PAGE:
I suppose in not talking to her openly I tried to live as generically as possible, but as I found out years later, specific experiences can plot the route to discovering that this guilt has no content, is not real. It’s the un-experienced desires that grow to monsters, rattling chains in satanic mills. I was quiet at school and have to accept that when I did speak up I was contributing to this beige voice, at pains to keep my specifics in order so nothing would lead people back to my location in the clouded hills.

I’d guess it’s these kinds of haunted/hunted feelings that explain why the supernatural adheres to queer culture and by extension why The Worstest was touched by so many genres over time. It borrowed from Noir and Horror and opened with a discussion about the Wiccan Rede, all of it welded together into one unwieldy, resurrected body in the hopes of getting at a feeling that often rears its head at school – where everyone around you seems to express desire differently to the way you would – that you are somehow possessed. Or that everyone else is; a six of one and half a dozen of the other sort of feeling. Are they the same, or am I different? In spite of all its own ironies, teen horror The Faculty touches on this in an interesting way:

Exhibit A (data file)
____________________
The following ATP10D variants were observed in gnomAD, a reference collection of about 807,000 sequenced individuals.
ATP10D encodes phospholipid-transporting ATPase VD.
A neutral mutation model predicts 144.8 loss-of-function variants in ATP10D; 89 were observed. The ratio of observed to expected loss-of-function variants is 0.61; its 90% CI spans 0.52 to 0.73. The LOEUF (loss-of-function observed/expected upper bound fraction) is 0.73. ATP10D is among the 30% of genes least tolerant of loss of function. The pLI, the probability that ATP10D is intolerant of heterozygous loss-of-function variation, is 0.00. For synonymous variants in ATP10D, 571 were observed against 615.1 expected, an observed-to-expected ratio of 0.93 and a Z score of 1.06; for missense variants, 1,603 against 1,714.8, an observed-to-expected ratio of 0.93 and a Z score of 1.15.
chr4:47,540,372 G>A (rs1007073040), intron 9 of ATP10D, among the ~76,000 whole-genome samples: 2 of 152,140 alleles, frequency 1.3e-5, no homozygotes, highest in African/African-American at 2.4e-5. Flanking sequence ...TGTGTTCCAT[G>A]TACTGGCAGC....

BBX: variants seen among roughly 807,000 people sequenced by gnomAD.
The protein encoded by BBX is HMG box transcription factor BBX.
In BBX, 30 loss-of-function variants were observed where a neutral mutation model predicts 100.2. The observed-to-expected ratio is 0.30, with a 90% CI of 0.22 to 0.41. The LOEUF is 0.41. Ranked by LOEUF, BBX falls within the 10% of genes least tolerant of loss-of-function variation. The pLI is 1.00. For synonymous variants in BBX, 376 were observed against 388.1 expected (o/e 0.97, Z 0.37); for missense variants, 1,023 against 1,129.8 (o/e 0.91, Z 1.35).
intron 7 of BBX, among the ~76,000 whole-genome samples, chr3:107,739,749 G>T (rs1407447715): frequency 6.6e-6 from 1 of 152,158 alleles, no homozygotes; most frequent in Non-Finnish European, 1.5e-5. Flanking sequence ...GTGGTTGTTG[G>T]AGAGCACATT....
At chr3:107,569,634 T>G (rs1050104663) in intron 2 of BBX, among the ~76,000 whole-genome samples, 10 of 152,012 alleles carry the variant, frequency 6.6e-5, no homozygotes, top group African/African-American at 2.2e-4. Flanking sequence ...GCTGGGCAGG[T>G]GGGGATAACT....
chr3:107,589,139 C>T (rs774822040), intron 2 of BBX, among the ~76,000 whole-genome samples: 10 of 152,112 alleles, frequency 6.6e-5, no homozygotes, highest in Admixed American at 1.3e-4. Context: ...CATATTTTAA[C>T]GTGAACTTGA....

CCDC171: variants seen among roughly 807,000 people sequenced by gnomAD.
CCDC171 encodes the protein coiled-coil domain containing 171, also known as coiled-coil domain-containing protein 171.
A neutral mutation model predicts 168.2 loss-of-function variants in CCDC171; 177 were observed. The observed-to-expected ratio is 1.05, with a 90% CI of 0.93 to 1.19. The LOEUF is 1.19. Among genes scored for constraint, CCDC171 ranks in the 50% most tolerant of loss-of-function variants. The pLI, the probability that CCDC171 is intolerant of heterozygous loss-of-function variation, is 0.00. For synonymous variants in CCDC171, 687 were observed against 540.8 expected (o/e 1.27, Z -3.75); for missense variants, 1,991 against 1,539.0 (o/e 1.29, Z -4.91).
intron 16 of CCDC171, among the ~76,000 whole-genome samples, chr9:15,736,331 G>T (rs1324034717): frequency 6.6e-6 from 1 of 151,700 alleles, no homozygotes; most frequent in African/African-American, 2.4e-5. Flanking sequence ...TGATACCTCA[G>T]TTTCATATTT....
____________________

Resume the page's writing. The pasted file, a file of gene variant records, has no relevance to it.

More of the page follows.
MARYBETH: What happens at the end of all those stories, Stokely? How does Invasion of the Body Snatchers turn out?
STOKELY: They get us. They win. We lose.
MARYBETH: Maybe we really win. I mean, Stan didn’t look unhappy.
STOKELY: That’s because it wasn’t Stan. They took away who he was.
MARYBETH: Maybe they just bettered who he was. Cleared away his confusion. I know you pride yourself on being the outsider, but aren’t you tired of pretending to be something you’re not? I know I am.

Self-possession without the tricky bit: the self.